Editorial: O-Train shutdown is unnecessary
In three years’ time, the O-Train will be shut down for 16 months, to allow for the second phase of the $3.6 billion Light Rail Transit (LRT) expansion, according to the Ottawa Citizen.
During that time, the train will be replaced by bus service in the form of the 107, which is usually used when there are disruptions to O-Train service.
This shutdown will have an immense impact on students, many of whom rely on the O-Train to commute.
Unlike the train, buses are prone to getting stuck in traffic, thereby adding to the length of trips and overall wait times. At the same time, while the O-Train has a capacity of 285 people, an articulated bus only has 53 seats. With a daily O-Train ridership of 10,300 in 2014, this will likely result in overcrowded buses, especially at peak times.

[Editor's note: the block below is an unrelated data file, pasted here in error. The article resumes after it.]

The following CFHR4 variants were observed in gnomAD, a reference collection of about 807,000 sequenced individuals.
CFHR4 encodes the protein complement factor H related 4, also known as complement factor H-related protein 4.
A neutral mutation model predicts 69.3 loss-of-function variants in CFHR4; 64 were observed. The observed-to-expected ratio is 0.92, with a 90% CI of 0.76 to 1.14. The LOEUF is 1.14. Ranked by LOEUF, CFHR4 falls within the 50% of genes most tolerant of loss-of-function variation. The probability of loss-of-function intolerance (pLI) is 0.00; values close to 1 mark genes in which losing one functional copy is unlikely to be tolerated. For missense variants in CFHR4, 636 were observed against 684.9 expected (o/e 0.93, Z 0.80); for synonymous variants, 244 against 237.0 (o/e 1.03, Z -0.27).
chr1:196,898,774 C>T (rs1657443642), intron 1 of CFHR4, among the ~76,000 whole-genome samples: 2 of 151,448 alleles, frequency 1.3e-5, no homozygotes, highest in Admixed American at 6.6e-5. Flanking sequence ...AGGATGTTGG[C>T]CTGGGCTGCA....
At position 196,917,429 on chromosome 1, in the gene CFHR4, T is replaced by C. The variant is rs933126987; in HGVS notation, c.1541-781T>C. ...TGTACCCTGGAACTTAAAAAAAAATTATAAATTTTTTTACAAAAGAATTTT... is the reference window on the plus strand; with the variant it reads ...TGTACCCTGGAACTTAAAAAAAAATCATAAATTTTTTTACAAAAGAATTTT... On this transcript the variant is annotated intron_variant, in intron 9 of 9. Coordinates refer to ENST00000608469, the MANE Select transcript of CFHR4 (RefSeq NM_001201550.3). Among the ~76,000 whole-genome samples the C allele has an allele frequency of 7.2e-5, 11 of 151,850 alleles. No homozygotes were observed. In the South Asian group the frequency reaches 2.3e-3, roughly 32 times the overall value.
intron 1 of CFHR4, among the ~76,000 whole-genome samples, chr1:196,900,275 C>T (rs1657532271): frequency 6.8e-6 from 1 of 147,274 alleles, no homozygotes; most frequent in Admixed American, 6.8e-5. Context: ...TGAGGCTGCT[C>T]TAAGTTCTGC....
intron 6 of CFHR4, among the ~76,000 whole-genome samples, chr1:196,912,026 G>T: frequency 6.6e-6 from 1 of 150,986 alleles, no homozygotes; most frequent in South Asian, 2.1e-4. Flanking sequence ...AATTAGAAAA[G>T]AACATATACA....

U-Pass users represented 18.1 per cent of ridership in 2014, according to the OC Transpo website. This is guaranteed revenue for OC Transpo, making them less likely to care about interfering with student commutes—no matter the service being offered and despite the O-Train’s shut down, we’re still paying the same amount for less service.
While the expansion of the LRT is long overdue, shutting the entire system down for repair work and the construction of three new stations should be avoided. There are already limited options for public transit in Ottawa, and this will weaken it further.
Toronto’s Transit Commission shuts the subway down on weekends to complete infrastructure and maintenance work. Ottawa should look to mimic this approach.